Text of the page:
European shares opened higher Tuesday after Asia tracked a retreat on Wall Street as investors grew jittery over the possibility that surging virus cases could stifle the global economic recovery. Benchmarks rose in Paris and London but fell in Asia. US futures were higher and the yield on the 10-year Treasury dropped to 1.18 per cent.
Alarm has been mounting in Japan where, with just three days to go before the Tokyo Olympics open, new coronavirus cases are being found among athletes and non-athletes affiliated with the Games.
The Japanese government has repeatedly promised a safe and secure Games, but just about 22 per cent of the Japanese population is fully vaccinated. The World Health Organisation says cases and deaths are climbing globally after a period of decline, spurred by the highly contagious delta variant.
France’s CAC 40 gained 0.4 per cent to 6,322.92, while Germany’s DAX rose 0.1 per cent to 15,150.96. Britain’s FTSE 100 added 0.3 per cent to 6,861.42. The futures for the Dow industrials and the S&P 500 were up 0.3 per cent.
In Asia, Tokyo’s Nikkei 225 slipped 1.0 per cent to finish at 27,388.16. South Korea’s Kospi shed 0.4 per cent to 3,232.70. Australia’s S&P/ASX 200 declined 0.5 per cent to 7,252.20. Hong Kong’s Hang Seng lost 0.8 per cent to 27,259.25, while the Shanghai Composite inched down nearly 0.1 per cent to 3,536.79.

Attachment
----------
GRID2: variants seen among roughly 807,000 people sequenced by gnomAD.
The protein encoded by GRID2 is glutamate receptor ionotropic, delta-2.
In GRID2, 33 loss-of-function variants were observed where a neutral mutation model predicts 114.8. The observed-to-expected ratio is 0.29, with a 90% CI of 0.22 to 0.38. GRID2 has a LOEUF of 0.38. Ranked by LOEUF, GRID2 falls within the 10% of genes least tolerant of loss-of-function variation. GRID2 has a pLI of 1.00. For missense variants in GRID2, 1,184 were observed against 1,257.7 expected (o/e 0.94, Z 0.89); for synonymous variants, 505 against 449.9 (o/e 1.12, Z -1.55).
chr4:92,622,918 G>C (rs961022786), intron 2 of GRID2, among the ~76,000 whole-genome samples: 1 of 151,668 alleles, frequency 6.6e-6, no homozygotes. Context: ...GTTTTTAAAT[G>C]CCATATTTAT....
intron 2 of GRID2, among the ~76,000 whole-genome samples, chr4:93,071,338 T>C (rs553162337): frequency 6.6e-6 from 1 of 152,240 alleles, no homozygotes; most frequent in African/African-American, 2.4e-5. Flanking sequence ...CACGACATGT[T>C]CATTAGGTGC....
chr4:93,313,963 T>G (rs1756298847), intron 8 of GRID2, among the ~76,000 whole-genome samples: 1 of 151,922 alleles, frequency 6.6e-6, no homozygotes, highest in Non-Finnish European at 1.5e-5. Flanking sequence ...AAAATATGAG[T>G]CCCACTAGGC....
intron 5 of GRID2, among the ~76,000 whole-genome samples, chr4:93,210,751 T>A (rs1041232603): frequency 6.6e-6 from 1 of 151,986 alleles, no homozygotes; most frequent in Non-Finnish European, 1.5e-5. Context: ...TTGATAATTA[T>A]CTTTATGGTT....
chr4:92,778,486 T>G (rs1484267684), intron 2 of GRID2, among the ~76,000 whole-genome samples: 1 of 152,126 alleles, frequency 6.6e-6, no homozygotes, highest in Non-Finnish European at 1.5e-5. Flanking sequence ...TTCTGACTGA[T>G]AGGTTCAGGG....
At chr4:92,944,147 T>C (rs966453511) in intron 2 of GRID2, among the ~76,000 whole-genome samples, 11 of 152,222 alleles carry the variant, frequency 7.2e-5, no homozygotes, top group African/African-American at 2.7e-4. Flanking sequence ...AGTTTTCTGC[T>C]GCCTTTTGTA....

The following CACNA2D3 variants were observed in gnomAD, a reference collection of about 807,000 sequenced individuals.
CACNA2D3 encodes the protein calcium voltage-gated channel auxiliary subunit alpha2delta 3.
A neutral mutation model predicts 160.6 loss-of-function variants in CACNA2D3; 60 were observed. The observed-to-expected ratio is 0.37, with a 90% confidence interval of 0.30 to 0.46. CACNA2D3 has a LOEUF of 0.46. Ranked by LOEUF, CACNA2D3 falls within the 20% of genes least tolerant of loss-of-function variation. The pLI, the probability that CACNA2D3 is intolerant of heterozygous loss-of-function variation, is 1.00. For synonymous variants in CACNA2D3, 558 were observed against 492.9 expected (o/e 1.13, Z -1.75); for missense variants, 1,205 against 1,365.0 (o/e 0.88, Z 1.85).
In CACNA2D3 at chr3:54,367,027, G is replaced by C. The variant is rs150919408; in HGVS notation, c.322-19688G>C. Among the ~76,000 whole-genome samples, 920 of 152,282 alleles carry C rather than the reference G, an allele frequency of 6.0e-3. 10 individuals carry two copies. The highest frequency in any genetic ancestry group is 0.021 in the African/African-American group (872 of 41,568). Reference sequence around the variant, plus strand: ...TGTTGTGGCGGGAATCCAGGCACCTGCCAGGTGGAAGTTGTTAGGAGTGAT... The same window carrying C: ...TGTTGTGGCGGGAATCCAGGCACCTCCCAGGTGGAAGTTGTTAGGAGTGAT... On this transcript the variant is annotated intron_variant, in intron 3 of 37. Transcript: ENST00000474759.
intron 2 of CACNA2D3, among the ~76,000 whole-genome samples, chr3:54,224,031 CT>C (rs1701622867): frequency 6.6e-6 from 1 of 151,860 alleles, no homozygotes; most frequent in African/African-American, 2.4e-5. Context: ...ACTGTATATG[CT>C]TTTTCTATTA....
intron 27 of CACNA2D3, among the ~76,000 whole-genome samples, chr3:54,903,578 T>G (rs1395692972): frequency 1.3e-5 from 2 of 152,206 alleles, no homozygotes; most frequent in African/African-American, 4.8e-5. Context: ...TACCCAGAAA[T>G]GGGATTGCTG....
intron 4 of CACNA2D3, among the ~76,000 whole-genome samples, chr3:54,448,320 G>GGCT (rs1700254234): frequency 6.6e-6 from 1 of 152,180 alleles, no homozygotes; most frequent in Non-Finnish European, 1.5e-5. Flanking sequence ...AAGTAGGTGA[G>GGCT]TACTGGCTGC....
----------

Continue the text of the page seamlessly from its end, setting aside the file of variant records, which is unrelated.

Given how tightly connected the global economy is, flare-ups in COVID anywhere can quickly affect the rest of the world.
Even in the US, where the vaccination rate is higher than in many other countries, people in Los Angeles County must once again wear masks indoors regardless of whether they’re vaccinated following spikes in cases, hospitalisations and deaths.
Any worsening of virus trends threatens the high prices that stocks have achieved on expectations the economy will fulfill those lofty forecasts.
Besides the new variants of the coronavirus, other risks include fading pandemic relief efforts from the US government and a Federal Reserve that looks set to begin paring back its assistance for markets later this year.
This week brings a slew of earnings reports. Across the S&P 500, analysts are forecasting profit growth of nearly 70 per cent for the second quarter from a year earlier.
That would be the strongest growth since 2009, when the economy was climbing out of the Great Recession.
In energy trading, benchmark US crude rose 7 cents to USD 66.42 a barrel in electronic trading on the New York Mercantile Exchange. It sank USD 5.21 on Monday to USD 66.35.
Brent crude, the international standard, added 2 cents to USD 68.64 a barrel. In currency trading, the US dollar slipped to 109.41 Japanese yen from 109.46 yen. The euro fell to USD 1.1796 from USD 1.1802